One is always wary of one's knee-jerk reactions in such circumstances.

(Said the jerk.)

TC said...

... and with that thought in mind (er, which one was it again?), I have just now put up this.


Tom (and Curtis and Curtis), what a pleasure to read through all this just now -- I didn't see it yesterday, hadn't heard about the Steve Nash comment (or Phil Jackson counterspin, how unlikely Buddhist?), I saw those two Willies too, from the earliest days back in Seals Stadium -- your memory of how Mays held his bat, and beat out that "twenty-seven hop single" has brought something of it back. And reading this, just now, I realize you 'appeared' in my dream last night, can't remember as thing about it now except that you or (a young kid version of you) were somehow there. . . .

doowman said...

Like a glimpse of that pigeon-toe today? Catch young Austin Jackson as he finds the gap with his bat and glides the range of Comerica's center field (and other American League haunts). I'm certain Ernie spotted sd semblance via grapefruit tv -- we only wish we could hear the poet's report one more time.

On Ernie, baseball author Bruce Shlain reflects: "Somehow he brings the proper pitch and phrasing to a whole season, with a rhythm and pacing that only a select few have ever commanded. In many ways a Harwell broadcast is profoundly musical, as befits a man who has published 55 songs with composers such as Johnny Mercer. Many an announcer has aspired to sounding as if talking to a friend in his living room, but Harwell effortlessly establishes the same rapport on the air as he does in person."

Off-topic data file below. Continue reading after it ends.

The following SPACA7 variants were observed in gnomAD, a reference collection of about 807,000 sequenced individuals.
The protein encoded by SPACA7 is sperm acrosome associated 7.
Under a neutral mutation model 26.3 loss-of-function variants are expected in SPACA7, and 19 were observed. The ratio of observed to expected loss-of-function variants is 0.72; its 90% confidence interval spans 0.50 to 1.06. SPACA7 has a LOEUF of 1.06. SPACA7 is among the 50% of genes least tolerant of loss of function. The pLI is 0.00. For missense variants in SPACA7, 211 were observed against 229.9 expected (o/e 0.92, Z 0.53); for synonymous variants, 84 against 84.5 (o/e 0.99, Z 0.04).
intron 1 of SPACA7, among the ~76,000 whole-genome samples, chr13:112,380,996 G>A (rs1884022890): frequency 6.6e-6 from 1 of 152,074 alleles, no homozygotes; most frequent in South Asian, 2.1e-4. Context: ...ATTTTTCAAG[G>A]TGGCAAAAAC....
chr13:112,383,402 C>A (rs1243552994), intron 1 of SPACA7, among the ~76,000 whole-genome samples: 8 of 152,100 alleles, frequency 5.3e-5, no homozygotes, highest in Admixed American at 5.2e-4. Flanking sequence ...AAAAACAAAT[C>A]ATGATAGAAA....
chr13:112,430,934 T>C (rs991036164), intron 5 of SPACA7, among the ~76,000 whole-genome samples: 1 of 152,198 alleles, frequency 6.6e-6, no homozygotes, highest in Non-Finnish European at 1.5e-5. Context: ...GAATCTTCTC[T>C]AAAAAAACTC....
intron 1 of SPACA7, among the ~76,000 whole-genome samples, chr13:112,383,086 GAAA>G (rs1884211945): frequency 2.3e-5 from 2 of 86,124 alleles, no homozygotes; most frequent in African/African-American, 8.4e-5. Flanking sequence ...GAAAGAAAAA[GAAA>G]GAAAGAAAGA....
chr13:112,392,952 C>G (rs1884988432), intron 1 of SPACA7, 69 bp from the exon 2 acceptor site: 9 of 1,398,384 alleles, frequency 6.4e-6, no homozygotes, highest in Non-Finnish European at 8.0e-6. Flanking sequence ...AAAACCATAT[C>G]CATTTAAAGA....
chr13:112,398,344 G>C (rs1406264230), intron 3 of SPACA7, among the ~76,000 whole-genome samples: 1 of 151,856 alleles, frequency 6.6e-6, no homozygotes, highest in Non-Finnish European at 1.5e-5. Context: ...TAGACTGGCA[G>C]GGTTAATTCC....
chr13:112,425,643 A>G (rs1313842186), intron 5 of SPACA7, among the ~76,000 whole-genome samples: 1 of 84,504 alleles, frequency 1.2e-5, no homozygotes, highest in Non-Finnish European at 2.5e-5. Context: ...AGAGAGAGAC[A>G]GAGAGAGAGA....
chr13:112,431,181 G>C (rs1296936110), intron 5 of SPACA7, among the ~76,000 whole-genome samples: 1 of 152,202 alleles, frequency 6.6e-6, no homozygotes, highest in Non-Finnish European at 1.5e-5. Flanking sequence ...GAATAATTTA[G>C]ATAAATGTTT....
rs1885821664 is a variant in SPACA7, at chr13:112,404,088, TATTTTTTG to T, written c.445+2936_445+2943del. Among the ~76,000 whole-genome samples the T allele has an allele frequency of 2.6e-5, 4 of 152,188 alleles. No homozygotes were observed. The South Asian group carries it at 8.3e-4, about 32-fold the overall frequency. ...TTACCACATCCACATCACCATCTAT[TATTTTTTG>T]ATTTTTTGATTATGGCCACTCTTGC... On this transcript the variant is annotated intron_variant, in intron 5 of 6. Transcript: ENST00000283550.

I know Bruce has a remarkable tale told by RR about Jackie Robinson -- maybe he'll chime in here soon.

Thanks, TC.

TC said...

Steve and Doowman,

Nothing sweeter than a field of dreams that fills up with actualities.

Great thing about Jackson is that he was smuggled out of NY (in the Granderson deal).

Would love to hear Bruce's RR on JR story, or anything else.

Hey, you guys are tapping my ur-memories. I have poems from those fields to post some day. Live so long, Insh'allah.

Saw Jackie Robinson steal home in Wrigley Field one time. The cheeky dance off third with hands on hips, eyes sizing up the hurler, the break, the dash and the swirling cloud of dust up from which JR popped, safe and intact.

To trot businesslike back to the dugout.

No high fiving or bigging up, in those days that stuff was not done (on penalty of a fastball in your ear).

~otto~ said...

BAez and Dylan and let's add Chuck D to the mix.

Curtis Faville said...

Here's a memory:

Watching the A's one afternoon with friends from work.

Ken Holtzman was pitching. I can't remember which year this was, but it had to be some year between 1972 and 1975--those were the years he pitched for the A's, and those were his best years statistically in his career.

Anyway, Holtzman gets to the 9th inning, and he hasn't given up a hit yet. The first two batters he faces in the inning, he strikes out. So now it's one batter left, and the crowd is on its feet. The Detroit batter is Tom Veryzer, a weak little-hitting shortstop whose knees must be quivering from the stress. The Oakland outfield comes in about 20 feet, to guard against any cheap blooper hits. Holtzman gets two strikes on him, when he suddenly lifts a sweet routine straight line fly to dead-center. Billy North, who's positioned himself about 30 feet behind second base, turns and runs back and back, but it still clears his outstretched glove by at least 10 feet.

Moans of agony! If North had been playing in position, he'd have caught it. So Holtzman loses his no-hitter. I note now that this couldn't have happened in 1972, because neither North nor Veryzer were in place in that year.